1997. The most expensive film ever made. Everyone but Cameron was banking on it flopping. We watched the release date wobble around different seasons and heard rumours of nightmare set altercations nearly every week of lengthy production. On opening day I went to see Titanic twice. I had booked to go with my family, weeks in advance, on the evening but then a group of college mates were going that afternoon and I couldn’t resist getting the jump on the movie. That is the only time I’ve done that. Twice in one day.
While it is fair to say I didn’t absolutely love Titanic, I certainly found lots to embrace. The immediate positives were the sheer scale and painstaking quality of the reconstruction, Kate Winslet’s beauty, Billy Zane pantomime villainy and the full hour long rollercoaster finale that puts our young lovers and ourselves right in the danger zone of every calamity that befalls the ship. I dare you to watch the upending of the hull, where we cling on for dear life as the protagonists rush towards the water, and not believe we are in the visionary hands… god like… of the genius who made The Terminator and The Abyss. Cameron is the Beethoven of the blockbuster form and he can’t help himself but deliver amazing, immersive popcorn overtures.
And as I get older, and Titanic joins a pantheon of nostalgic comfort movies (let’s say T2, Jurassic Park, Speed, Twister, True Lies, Face/Off) from my teens, the relatives merits and flaws even out amongst all of them and I just wanna go home again. Yes, the dialogue between Jack and Rose is basic. Yes, there is something distasteful about focusing on these fictional horny teens rather than real life victims and survivors of the tragedy. Yes, the form of it often feels like a museum tour followed by a theme park ride, awkwardly bolted together, rather than a persuasive narrative. But…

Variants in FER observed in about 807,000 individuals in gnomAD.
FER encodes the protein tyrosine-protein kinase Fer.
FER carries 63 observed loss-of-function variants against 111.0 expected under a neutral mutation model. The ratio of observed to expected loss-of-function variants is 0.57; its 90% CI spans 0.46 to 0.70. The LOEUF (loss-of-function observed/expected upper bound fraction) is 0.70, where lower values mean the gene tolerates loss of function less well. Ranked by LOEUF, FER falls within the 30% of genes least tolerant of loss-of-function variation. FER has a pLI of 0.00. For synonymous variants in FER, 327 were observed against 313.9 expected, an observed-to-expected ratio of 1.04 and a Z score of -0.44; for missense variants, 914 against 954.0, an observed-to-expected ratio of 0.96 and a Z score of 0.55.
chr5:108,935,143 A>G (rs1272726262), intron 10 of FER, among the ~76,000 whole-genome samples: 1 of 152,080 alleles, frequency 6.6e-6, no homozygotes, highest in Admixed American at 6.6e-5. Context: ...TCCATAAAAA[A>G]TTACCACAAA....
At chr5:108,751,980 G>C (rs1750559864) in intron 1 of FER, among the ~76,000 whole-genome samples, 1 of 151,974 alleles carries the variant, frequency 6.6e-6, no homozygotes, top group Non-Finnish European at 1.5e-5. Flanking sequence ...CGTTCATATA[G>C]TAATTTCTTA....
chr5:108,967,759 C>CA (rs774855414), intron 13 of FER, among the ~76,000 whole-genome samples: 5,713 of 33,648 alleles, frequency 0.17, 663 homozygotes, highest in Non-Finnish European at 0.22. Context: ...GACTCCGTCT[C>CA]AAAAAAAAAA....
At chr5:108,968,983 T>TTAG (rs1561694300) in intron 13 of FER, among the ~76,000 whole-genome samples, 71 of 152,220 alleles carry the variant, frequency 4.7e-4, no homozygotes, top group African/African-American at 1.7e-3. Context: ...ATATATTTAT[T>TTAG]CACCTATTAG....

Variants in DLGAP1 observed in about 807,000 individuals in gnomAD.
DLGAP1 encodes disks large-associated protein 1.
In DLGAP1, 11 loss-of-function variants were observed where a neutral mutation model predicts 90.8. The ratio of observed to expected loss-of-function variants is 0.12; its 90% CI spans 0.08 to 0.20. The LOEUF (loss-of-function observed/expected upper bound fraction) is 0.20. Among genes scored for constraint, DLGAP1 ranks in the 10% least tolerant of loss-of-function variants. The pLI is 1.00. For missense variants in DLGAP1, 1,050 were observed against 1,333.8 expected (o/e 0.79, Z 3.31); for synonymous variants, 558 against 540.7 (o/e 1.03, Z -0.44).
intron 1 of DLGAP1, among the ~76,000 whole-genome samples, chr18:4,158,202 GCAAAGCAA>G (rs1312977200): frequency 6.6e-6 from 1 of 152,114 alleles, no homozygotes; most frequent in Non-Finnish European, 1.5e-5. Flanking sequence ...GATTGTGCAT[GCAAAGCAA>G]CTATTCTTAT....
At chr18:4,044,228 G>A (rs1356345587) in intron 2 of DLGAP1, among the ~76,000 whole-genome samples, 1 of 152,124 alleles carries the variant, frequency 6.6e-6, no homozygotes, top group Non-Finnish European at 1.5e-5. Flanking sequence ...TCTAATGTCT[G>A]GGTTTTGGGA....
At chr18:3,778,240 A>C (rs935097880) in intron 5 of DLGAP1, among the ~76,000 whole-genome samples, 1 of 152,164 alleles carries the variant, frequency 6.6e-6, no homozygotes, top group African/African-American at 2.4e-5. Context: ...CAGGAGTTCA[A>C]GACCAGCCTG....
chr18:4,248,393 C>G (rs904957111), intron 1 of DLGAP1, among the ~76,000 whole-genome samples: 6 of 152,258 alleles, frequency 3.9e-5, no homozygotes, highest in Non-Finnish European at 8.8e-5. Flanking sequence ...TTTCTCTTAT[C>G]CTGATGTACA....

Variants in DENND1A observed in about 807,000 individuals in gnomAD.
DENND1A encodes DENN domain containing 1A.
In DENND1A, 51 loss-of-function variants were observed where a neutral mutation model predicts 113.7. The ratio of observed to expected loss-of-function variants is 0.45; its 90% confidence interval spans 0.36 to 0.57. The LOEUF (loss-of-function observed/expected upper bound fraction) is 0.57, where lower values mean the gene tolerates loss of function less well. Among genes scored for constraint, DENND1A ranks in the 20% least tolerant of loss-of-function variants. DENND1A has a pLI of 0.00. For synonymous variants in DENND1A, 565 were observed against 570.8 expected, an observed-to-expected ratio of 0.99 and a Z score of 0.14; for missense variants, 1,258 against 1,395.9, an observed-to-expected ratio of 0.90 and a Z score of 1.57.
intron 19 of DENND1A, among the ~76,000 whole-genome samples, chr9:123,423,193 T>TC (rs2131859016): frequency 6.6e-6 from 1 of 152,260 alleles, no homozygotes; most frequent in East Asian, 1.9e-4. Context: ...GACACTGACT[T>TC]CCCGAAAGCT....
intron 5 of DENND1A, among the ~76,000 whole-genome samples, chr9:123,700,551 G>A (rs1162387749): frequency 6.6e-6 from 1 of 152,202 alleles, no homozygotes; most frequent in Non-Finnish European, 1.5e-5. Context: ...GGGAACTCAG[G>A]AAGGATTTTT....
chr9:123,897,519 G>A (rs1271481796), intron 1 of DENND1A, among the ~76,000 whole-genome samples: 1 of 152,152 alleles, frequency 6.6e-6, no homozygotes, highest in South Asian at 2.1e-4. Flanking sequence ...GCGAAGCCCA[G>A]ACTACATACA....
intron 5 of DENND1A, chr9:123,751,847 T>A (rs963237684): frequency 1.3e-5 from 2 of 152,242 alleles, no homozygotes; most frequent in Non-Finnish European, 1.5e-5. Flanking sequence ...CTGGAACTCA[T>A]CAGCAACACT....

… it is all iconic now. The big hat. KING OF THE WORLD. The spitting. The Irish jig. The “Paint me like one of your French girls.” The sated hand on the steamy car window. Iceberg dead ahead and dead centre in the runtime. The grabbing of the axe. “Any room for a gentleman, gentlemen?” The selfish wardrobe with definite room for two. Necklace waste. Ghost stairwell. Admit it, you want to waste three hours on this with me right now? Don’t you? It is a movie that is so hardwired into our generation’s collective consciousness that watching it is like returning to some kind of mothership.
And I’ll always be tickled when I remember the amusing anecdote of my friend’s scatty parents turning up late to see it. Seeing Bill Paxton and some old lady titting about in the modern day and going back out to complain they’d been sold a ticket to the wrong movie.
Perfect Double Bill: Revolutionary Road (2008)
Check out my wife Natalie’s Point Horror blog https://cornsyrup.co.uk
We also do a podcast together called The Worst Movies We Own. It is available on Spotify or here https://letterboxd.com/bobbycarroll/list/the-worst-movies-we-own-podcast-ranking-and/